Some are diminutive and dart off tackle for yards.
Others bull their way down the field, their legs serving as driving pistons.
The high school running back has been a feature attraction in the Sac-Joaquin Section playoffs, where every rush is critical in extending drives and seasons. Center aims to make school history behind a small back known for his large gains. Elk Grove, Franklin and Oak Ridge benefit from having two top running backs pushing each other. Burbank tops them all with three 1,000-yard rushers the area's first school to accomplish that in a 10-game regular season.
In Loomis, Del Oro senior Brandon Monroe hasn't been slowed in recent weeks by a bulky knee brace. He missed three games because of a strained knee ligament but has been on a tear in the past month, rushing for 907 yards and 12 touchdowns in four victories. Monroe's effort includes a 225-yard, four-touchdown performance in a 45-21 win over Yuba City in a Division II opener and a 297-yard, three-touchdown game in a 21-10 victory over St. Mary's-Stockton in the quarterfinals.
"It's ridiculous what Brandon's doing right now, just insane," Del Oro offensive coordinator Jeff Dietrich said at practice this week.
Said head coach Casey Taylor: "Brandon's got the best vision and lateral cuts I've seen, and then he's at top speed. It's fun to watch. Late this season, we decided we've got to give it to him a lot, and we are. We'll give it to him 30 to 35 times if we have to."
Monroe and the Golden Eagles line up Friday night against Elk Grove, which features two 1,000-yard runners in Robert Frazier and Wadus Parker.
The 6-foot-1, 195-pound Monroe has rushed for 1,339 yards and 14 touchdowns and has verbally committed to San Jose State.
"I feel very fortunate," Monroe said, acknowledging the statistic that less than 1 percent of prep athletes receive college scholarships.
Center's D'Juan Bellaire doesn't look the part of recordbreaking running back at 5-6 and 165 pounds. But he leads the region with 2,081 yards and 27 touchdowns for the dark horse Cougars in the Division IV field.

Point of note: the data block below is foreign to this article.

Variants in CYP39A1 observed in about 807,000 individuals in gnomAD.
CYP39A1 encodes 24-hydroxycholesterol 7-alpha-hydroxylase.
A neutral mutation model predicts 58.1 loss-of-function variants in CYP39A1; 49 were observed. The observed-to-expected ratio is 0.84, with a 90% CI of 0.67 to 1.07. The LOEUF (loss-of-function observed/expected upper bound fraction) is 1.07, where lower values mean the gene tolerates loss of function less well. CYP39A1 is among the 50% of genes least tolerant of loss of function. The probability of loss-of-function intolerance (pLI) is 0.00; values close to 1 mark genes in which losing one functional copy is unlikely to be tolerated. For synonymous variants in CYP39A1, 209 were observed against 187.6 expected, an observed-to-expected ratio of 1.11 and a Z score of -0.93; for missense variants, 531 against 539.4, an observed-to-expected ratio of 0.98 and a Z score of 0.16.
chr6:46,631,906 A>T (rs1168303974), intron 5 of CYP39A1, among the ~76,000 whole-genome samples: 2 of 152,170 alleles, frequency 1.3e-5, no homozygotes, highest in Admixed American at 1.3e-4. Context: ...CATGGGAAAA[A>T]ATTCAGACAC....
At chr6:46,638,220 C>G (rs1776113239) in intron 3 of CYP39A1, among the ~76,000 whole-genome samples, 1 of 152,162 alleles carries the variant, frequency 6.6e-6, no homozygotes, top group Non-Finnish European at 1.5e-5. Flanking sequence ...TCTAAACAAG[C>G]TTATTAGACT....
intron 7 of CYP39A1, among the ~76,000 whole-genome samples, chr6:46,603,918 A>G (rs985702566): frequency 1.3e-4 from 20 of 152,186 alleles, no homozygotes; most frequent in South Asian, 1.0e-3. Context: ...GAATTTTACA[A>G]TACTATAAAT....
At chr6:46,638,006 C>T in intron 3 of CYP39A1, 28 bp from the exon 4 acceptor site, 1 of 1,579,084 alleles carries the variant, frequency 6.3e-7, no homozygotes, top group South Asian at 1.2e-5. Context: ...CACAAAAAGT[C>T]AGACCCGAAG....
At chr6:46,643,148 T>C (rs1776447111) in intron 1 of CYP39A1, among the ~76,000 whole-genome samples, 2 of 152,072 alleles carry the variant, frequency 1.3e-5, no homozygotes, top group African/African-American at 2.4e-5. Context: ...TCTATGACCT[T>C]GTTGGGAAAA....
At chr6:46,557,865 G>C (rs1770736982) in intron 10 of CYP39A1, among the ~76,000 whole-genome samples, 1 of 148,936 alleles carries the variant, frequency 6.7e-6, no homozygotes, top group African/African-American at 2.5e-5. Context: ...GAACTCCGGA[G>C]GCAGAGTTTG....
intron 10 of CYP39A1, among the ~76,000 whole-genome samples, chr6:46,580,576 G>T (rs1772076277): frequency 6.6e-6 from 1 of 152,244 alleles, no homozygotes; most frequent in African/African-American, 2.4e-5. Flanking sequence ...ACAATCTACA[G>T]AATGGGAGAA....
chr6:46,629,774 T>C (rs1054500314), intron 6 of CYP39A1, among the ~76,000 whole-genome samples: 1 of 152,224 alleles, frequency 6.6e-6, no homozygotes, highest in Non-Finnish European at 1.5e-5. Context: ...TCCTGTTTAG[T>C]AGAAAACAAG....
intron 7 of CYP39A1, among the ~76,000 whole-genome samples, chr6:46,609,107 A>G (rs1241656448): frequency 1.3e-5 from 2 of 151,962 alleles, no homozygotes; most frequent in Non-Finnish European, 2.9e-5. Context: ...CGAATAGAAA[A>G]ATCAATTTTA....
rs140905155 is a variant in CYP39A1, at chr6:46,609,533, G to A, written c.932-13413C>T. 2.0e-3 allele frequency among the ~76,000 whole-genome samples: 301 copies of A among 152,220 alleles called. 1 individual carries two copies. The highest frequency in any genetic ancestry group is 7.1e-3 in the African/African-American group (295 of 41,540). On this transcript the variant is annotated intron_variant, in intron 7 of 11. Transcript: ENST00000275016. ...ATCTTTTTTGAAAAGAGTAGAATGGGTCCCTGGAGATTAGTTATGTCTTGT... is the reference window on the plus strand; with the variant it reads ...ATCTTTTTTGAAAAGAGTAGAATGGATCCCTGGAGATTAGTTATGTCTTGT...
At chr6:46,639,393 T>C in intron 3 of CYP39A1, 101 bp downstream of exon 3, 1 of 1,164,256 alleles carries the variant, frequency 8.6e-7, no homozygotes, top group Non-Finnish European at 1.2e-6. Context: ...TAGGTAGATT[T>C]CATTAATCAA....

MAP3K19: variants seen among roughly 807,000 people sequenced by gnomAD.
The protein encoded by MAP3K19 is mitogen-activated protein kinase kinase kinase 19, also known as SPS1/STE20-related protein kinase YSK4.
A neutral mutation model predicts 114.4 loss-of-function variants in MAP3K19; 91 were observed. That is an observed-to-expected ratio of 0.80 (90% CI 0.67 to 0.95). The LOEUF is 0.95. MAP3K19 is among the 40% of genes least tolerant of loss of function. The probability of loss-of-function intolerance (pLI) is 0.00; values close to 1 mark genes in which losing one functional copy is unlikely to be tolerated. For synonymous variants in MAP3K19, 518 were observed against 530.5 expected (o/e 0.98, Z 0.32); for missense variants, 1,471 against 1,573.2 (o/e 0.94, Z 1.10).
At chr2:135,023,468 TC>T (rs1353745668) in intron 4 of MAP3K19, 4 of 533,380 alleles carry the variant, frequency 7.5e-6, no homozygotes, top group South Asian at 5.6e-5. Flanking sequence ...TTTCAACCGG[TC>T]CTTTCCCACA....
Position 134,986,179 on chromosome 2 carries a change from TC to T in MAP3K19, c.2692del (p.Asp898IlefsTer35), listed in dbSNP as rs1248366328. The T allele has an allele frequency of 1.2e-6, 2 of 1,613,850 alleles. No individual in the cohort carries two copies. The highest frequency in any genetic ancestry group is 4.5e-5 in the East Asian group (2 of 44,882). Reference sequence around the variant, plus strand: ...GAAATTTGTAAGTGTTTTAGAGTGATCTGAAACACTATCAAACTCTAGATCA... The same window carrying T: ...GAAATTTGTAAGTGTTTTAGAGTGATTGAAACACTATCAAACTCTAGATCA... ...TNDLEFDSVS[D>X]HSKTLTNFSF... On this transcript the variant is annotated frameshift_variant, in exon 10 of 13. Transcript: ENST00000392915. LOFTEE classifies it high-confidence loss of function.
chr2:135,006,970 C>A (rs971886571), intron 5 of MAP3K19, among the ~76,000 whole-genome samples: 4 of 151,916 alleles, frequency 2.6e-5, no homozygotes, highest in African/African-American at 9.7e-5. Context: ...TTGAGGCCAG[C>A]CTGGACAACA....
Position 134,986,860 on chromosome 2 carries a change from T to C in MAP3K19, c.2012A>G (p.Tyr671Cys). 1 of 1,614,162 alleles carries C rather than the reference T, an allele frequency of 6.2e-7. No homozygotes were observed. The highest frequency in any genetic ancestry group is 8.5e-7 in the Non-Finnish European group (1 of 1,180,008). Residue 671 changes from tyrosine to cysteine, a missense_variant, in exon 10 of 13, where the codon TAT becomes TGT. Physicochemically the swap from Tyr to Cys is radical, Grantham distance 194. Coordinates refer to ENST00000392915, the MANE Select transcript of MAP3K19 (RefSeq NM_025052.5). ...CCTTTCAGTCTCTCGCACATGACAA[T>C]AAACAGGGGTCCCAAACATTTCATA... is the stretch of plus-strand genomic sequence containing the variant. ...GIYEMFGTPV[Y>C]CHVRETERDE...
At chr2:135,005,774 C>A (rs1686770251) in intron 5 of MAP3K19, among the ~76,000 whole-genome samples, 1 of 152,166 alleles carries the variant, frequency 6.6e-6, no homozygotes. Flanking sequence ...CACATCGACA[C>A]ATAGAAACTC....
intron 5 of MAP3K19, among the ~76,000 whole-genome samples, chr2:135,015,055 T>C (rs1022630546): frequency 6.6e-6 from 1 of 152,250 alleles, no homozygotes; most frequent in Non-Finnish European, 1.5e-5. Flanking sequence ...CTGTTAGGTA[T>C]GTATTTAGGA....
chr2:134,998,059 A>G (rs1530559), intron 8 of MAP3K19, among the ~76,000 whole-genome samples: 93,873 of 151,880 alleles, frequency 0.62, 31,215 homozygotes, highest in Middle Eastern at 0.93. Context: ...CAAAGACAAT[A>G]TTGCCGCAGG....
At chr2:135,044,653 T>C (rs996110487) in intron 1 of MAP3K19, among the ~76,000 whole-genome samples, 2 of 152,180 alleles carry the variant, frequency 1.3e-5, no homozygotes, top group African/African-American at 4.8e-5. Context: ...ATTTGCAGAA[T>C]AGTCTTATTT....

"He's just a great runner with so much heart," Center coach Digol J'Beily said. "We've had a resurgence this year, and he's a huge reason. He's hard to tackle."
Frazier and Parker of Elk Grove have been a 1-2 act since youth football, when they were called "Thunder and Lightning."
A senior, Frazier is a breakaway threat who is much stronger than his 5-8, 180-pound frame suggests. He has 1,969 yards and 21 touchdowns.
Parker, a 5-9, 190-pound junior, is the power back in the Herd's wing-T scheme. He has 1,184 yards and 20 touchdowns.
Herd coach Chris Nixon rotates the backs, who benefit from sophomore fullback Spencer Sheff, meaning fresh legs for weary defenses when the fourth quarter comes around.
"Teams have to stop one of us or both of us, but it hasn't happened," Parker said.
Across town, Franklin has carved out a 12-0 record thanks in large part to three running backs. The key, coach Mike Johnson said, is fullback Steven Rogers, who has paved the way for Kyran Harris and Christian Fonbuena.
"Steven's the workhorse, the reason it works, and we have two 4.5, 40-yard guys for a three-headed monster," Johnson said. "They can run by people or through them. It's very nice to have."
Harris has rushed for 944 yards and 17 scores. Fonbuena has gone for 884 yards and 11 touchdowns. Rogers has 652 yards and eight TDs. The three seniors are each in the 5-8, 185-pound range.
"We're all rooting for each other, too," Fonbuena said. "We all do something different."
Burbank is 12-0 for the first time since opening its doors on Florin Road in 1963. In those 49 years, the Titans haven't had a trio of runners quite like Isaiah Williams, Calvin Green and quarterback Ernest Jenkins, who leads the triple-option attack more as a runner than passer.
Williams, a 5-6, 190-pound senior, runs for his teammates and pride and said football has kept him out of trouble.
"It's saved me," he said. "A lot of us really need each other and this game. That's why we run so hard. Every carry, every game it means something for us and our families and this school."
Williams can carry tacklers or zip past them. He has 1,948 yards and 26 touchdowns. His nickname is "TD." A 5-10, 170-pound junior, Green goes by "Flash" for his ability to jet past foes. He has 1,197 yards and 14 touchdowns. Jenkins, a 5-10, 175-pound junior, has been masterful in deciding when to keep or pitch the ball. He has 1,333 yards and 14 scores.
Oak Ridge is the most balanced team in the playoffs, averaging 184 yards rushing and 182 passing. The runners are virtual clones, statistically, but different in ability.
Josh Wellman, a 5-9, 180-pound junior, has rushed for 840 yards and 11 scores. He's a patient runner, picking his moment to attack the line. Blake Martin, a 6-foot, 195-pound senior, runs full speed on every carry. He has 864 yards and 11 touchdowns.
"We're thrilled at what they've done," Oak Ridge coach Eric Cavaliere said. "We rotate them every play, and one is rooting for the other as the most supportive teammates who love each other's success. We wouldn't be here without them."